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Identity verification startup IDPartner Systems has raised a $3.1 million seed round led by Abstract Ventures, the company tells Axios exclusively.
Why it matters: The startup’s technology could make identity verification a profit center as opposed to a cost center.
How it works: San Francisco-based IDPartner is building an identity verification network that allows banks to offer single sign-on authentication services to customers.
- Doing so would let those customers leverage their banking credentials to sign in to third-party websites.
- CEO Rod Boothby says participating banks also benefit by deepening relationships with customers.
Between the lines: The company was founded by former Santander identity and payments execs, including Boothby, who was the global head of identity at the multinational bank.
- Santander, which has more than 150 million clients and over $1.5 trillion in assets under management, was investing heavily in ensuring that it could identify customers when they first joined, recognize them when they returned and protect their assets.
- “I realized there's an arbitrage opportunity, that [identity verification] shouldn't be a cost center for the banks when it could be a profit center,” he says.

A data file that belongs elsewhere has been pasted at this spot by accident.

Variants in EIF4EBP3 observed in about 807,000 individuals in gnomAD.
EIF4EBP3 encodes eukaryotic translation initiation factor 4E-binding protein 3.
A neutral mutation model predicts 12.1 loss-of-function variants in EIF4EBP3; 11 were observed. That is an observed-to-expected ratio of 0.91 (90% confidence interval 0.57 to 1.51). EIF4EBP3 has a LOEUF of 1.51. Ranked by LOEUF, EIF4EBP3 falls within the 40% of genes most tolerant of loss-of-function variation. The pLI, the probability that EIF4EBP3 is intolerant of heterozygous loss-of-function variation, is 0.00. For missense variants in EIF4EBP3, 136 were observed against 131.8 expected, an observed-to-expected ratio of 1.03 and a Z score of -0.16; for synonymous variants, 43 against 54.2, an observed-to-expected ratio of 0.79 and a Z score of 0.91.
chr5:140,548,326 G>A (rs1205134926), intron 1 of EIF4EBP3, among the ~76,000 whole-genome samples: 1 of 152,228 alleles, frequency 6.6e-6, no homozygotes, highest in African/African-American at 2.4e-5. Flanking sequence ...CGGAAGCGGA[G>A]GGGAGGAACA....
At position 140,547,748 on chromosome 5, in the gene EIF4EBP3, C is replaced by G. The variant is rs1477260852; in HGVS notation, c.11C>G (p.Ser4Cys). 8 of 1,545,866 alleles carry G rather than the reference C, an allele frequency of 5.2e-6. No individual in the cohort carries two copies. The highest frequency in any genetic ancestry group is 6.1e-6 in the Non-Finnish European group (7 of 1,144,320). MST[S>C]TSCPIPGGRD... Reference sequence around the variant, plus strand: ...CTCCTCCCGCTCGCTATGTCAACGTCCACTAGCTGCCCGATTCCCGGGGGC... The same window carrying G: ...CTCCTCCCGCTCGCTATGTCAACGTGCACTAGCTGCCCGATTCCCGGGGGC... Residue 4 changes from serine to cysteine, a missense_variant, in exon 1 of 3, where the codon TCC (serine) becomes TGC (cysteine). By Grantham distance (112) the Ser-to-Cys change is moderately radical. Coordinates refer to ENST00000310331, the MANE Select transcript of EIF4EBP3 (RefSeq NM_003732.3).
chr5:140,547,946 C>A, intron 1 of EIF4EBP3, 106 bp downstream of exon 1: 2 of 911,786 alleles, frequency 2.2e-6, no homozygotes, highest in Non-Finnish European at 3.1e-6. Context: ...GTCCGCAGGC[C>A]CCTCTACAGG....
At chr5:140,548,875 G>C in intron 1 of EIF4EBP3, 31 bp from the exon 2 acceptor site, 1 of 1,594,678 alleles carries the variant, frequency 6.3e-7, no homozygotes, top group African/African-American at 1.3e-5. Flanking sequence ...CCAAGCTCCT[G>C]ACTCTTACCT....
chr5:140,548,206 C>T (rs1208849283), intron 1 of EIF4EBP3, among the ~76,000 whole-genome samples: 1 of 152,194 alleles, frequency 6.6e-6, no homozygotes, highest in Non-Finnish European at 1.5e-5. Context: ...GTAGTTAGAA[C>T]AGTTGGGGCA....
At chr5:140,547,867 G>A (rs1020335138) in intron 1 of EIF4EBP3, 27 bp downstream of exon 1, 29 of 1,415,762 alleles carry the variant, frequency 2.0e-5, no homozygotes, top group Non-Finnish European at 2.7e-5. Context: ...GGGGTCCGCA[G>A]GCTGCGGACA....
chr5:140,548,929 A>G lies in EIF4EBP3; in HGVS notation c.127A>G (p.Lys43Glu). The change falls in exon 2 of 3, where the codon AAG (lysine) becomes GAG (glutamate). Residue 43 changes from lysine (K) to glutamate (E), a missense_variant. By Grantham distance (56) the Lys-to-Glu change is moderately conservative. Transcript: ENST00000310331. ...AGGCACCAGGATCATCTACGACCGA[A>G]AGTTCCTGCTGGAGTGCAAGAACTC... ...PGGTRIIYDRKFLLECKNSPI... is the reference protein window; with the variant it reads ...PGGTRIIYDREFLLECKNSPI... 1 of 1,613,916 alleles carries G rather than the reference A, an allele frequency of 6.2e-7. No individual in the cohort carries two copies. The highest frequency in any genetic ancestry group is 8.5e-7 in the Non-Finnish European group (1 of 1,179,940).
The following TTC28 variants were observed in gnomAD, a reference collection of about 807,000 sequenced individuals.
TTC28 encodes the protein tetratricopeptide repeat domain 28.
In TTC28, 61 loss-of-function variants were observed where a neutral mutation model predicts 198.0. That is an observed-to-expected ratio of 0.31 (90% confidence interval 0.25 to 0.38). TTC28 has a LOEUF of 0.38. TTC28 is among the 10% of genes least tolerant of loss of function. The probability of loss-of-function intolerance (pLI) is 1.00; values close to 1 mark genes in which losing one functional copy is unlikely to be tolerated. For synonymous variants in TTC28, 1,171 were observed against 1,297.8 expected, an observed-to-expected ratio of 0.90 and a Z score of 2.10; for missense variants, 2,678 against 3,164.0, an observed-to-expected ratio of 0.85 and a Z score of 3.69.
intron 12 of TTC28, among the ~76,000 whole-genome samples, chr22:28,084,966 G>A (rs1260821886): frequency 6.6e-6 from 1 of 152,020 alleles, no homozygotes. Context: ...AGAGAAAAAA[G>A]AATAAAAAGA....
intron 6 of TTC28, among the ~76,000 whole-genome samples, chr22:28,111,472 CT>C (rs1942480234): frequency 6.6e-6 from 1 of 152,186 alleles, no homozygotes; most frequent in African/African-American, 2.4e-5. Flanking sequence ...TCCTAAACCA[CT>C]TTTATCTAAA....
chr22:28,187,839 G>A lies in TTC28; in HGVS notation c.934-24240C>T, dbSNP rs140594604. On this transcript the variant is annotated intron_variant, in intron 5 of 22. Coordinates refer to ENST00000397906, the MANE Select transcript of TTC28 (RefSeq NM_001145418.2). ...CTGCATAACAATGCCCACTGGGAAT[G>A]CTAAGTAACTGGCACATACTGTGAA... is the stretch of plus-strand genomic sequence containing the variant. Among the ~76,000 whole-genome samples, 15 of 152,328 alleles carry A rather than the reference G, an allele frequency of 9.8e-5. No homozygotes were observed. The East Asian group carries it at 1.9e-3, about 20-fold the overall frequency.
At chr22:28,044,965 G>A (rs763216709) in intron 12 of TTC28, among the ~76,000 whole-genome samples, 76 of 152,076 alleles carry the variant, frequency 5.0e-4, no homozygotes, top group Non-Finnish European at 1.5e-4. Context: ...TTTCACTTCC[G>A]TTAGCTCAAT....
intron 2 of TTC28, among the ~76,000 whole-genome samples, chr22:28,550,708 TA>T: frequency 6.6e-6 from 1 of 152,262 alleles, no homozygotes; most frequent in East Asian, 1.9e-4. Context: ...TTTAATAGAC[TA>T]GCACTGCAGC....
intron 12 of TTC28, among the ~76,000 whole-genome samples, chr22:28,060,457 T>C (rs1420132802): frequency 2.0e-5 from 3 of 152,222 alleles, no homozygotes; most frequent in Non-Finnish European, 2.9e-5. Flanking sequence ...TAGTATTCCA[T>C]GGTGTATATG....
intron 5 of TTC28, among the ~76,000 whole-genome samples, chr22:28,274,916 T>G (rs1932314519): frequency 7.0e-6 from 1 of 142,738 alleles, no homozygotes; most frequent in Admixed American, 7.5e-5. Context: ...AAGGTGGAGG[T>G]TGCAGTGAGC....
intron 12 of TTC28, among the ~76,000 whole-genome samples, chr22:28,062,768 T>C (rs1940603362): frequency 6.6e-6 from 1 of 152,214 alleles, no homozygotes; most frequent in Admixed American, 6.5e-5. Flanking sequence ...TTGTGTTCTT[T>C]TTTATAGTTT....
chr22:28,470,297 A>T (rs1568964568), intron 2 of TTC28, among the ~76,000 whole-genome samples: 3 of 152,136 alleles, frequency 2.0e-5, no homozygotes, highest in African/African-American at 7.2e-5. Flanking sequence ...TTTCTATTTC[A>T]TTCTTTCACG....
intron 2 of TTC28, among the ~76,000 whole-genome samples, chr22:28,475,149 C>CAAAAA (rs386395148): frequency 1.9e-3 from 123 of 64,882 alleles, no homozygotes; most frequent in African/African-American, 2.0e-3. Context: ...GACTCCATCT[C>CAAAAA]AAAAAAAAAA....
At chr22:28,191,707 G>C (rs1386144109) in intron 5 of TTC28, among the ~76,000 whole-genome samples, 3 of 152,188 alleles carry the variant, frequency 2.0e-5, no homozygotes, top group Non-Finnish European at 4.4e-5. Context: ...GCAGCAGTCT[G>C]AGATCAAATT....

- So he pitched the idea of delivering “identity verification as a service,” leveraging the investment banks were already making in KYC and offering it to others.
Yes, but: To make the identity verification network useful, it would need more than just Santander participating.
- The founding team worked to lead the Open Digital Trust initiative at the Institute of International Finance and partnered with OpenID as a way to get other banks involved, Boothby says.
- “There's a clear need in the market to help distribute these identity verification capabilities,” Boothby says. “So we provide… a global marketplace for identity verification.”
Of note: Foundation Capital, Circle Ventures, Firsthand Alliance, Correlation Ventures, Success Venture Partners and Aleo also participated in the seed financing.
- Angel investors include Lance Armstrong, former Founders Fund chief scientist Aaron VanDevender and former SEC Commissioner Joe Grundfest.